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Eur J Cancer. 2014 Nov;50(17):2932-8. doi: 10.1016/j.ejca.2014.09.006. Epub 2014 Sep 30.

Comparison of long-term survival outcomes between stereotactic body radiotherapy and sublobar resection for stage I non-small-cell lung cancer in patients at high risk for lobectomy: A propensity score matching analysis.

Author information

1
Department of Radiation Oncology and Image-Applied Therapy, Graduate School of Medicine, Kyoto University, Japan. Electronic address: ymatsuo@kuhp.kyoto-u.ac.jp.
2
Department of Thoracic Surgery, Graduate School of Medicine, Kyoto University, Japan.
3
Department of Biomedical Statistics and Bioinformatics, Graduate School of Medicine, Kyoto University, Japan.
4
Department of Radiation Oncology and Image-Applied Therapy, Graduate School of Medicine, Kyoto University, Japan.
5
Department of Radiation Oncology, Graduate School of Biomedical and Health Sciences, Hiroshima University, Japan.

Abstract

BACKGROUND:

The aim of this study was to perform a survival comparison between stereotactic body radiotherapy (SBRT) and sublobar resection (SLR) in patients with stage I non-small-cell lung cancer (NSCLC) at high risk for lobectomy.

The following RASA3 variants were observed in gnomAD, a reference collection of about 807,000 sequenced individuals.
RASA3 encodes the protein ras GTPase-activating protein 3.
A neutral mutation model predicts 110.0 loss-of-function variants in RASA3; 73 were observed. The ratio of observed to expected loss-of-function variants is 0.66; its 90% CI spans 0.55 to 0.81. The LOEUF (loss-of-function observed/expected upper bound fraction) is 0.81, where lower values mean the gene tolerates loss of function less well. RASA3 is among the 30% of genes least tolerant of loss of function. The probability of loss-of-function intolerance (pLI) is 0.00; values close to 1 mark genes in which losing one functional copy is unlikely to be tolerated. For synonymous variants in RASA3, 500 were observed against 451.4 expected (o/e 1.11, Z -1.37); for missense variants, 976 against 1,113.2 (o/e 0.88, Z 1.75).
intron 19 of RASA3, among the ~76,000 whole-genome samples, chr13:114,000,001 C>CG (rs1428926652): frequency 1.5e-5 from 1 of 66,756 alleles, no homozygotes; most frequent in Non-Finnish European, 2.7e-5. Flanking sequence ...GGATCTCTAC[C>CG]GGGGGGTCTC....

METHODS:

All patients who underwent SBRT or SLR because of medical comorbidities for clinical stage I NSCLC were reviewed retrospectively. Propensity score matching (PSM) was performed to reduce selection bias between SLR and SBRT patients based on age, gender, performance status, tumour diameter, forced expiratory volume in 1 second (FEV1) and Charlson comorbidity index (CCI).

RESULTS:

One hundred and fifteen patients who underwent SBRT and 65 SLR were enrolled. The median potential follow-up periods for SBRT and SLR were 6.7 and 5.3 years, respectively. No treatment-related deaths were observed. Before PSM, the 5-year overall survival (OS) was 40.3% and 60.5% for SBRT and SLR, respectively (P=0.008). PSM identified 53 patients from each treatment group with similar characteristics: a median age of 76 years, a performance status of 0-1, a median tumour diameter of ∼20 mm, a median FEV1 of ∼1.8L and a median CCI of 1. The difference in OS became insignificant between the matched pairs (40.4% and 55.6% at 5 years with SBRT and SLR; P=0.124). The cumulative incidence of cause-specific death was comparable between groups (35.3% and 30.3% at 5 years, P=0.427).

CONCLUSION:

SBRT can be an alternative treatment option to SLR for patients who cannot tolerate lobectomy because of medical comorbidities.

KEYWORDS:

Minimally invasive surgery; Non-small cell lung cancer; Propensity score; Stereotactic body radiotherapy; Treatment outcome

PMID:
25281527
DOI:
10.1016/j.ejca.2014.09.006
[Indexed for MEDLINE]

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